by Georgia Burgé
June 18, 2019
Prison inmates and students from the SDSU School of Art + Design worked together to paint a mural at Richard J. Donovan (RJD) Correctional Facility under the direction of Carlos Castro Arias, assistant professor of painting and printmaking.
On May 11, Castro, along with 20 Art + Design students and 15 inmates, painted a very large mural to cover a gray, concrete wall bordering the prison’s workout yard. The Mediterranean landscape scene, which the inmates had requested, features a vineyard, architectural ruins, bougainvillea bushes, mountains, and blue skies.
Surrounded by prison guards, the students and inmates worked side-by-side to complete the large mural in just one day. The students engaged in fun and meaningful conversations with the inmates while teaching them how to paint.
“I really was not anxious. The inmates are people just like myself,” painting and printmaking student Avia Rose Ramm said. “They were very friendly and fun to talk to. Some of them were very artistic and showed us their work. I could tell painting is an outlet for them like it is for me.”
Castro and his students provided some guidance and instruction to the inmates on painting techniques, but Castro said it was a very fluid, organic painting process and the inmates had a good sense of what they needed to do by reviewing the design plan and mural sketches.
Alan Mobley, associate professor of Public Affairs at SDSU, has worked at Richard J. Donovan Correctional Facility previously with his criminal justice students and approached Castro with the idea to bring art to inmates in the form of a mural painting project. Castro originally hoped to create a class centering around the creation of the mural, but the permitting process to get students onto prison grounds proved time-consuming. Instead, he asked students to volunteer to help with the project during their off-school hours.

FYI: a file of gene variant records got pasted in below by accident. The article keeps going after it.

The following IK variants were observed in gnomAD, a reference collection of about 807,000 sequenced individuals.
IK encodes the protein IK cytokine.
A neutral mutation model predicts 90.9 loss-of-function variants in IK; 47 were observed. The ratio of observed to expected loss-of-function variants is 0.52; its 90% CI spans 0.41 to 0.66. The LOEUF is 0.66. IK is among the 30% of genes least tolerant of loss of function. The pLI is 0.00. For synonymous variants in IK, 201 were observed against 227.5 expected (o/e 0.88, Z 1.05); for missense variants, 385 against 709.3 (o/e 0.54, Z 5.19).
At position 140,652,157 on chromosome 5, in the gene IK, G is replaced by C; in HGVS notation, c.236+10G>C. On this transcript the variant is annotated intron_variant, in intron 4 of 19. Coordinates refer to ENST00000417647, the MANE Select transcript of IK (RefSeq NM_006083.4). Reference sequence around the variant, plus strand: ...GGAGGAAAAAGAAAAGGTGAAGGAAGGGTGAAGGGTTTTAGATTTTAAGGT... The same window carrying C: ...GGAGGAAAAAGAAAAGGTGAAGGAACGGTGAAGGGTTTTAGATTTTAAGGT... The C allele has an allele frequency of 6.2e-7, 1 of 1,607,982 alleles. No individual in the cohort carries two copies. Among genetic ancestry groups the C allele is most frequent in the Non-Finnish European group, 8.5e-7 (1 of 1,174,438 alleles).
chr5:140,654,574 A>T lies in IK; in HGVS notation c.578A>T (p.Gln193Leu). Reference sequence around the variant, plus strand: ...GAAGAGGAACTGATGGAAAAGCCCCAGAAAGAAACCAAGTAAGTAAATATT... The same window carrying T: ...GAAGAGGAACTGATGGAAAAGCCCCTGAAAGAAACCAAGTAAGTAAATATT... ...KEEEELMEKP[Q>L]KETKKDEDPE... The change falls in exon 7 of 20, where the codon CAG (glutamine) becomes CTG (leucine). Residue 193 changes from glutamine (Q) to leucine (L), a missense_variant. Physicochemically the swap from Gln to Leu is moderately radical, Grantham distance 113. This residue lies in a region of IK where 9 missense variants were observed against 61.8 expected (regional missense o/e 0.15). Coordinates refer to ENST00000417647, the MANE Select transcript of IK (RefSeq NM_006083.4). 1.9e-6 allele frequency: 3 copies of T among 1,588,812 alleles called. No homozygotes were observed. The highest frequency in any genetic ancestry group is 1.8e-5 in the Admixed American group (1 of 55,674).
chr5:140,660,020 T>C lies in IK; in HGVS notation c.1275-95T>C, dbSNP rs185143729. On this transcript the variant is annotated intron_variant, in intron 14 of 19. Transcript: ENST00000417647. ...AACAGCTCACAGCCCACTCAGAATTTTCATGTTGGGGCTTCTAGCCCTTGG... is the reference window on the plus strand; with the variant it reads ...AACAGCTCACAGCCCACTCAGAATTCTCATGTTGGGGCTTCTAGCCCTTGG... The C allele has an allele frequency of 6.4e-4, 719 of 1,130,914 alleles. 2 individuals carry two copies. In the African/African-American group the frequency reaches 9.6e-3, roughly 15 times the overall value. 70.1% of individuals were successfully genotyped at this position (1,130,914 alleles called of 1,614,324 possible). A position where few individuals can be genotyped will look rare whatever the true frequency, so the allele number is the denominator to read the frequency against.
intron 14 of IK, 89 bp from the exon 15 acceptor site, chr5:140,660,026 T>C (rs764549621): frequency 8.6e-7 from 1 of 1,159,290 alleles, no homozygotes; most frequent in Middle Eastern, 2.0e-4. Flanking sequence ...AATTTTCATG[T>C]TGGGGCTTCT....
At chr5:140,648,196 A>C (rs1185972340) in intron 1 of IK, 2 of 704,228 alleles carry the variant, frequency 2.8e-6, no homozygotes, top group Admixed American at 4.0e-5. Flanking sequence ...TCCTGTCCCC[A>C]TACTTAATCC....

Brahman Kyrie, who teaches meditation to Donovan State Prison inmates, helped facilitate the design selection process by acting as a communication bridge between Castro, his students, and the inmates, Kyrie was also instrumental in helping Castro and his students complete the necessary paperwork and approval of materials for the project.
Talks with prison administration about the project began in February of this year and included the inmates giving input on which of Castro submitted designs they liked best.
“It was amazing to see the project come to fruition,” said Nicolette Tuason, who was acting as Community Resources Manager at the facility during the project. “It began as a simple idea to introduce color to the yard and promote peace and serenity in an otherwise tough environment. You definitely get a sense of pride from the inmates who were also a part of the project from start to finish: from its conception to creation and completion. This mural serves as a reminder that they are more than just prisoners. They are artists who dream and hope for a brighter future.”
The content within this article has been edited by Lizbeth Persons.News List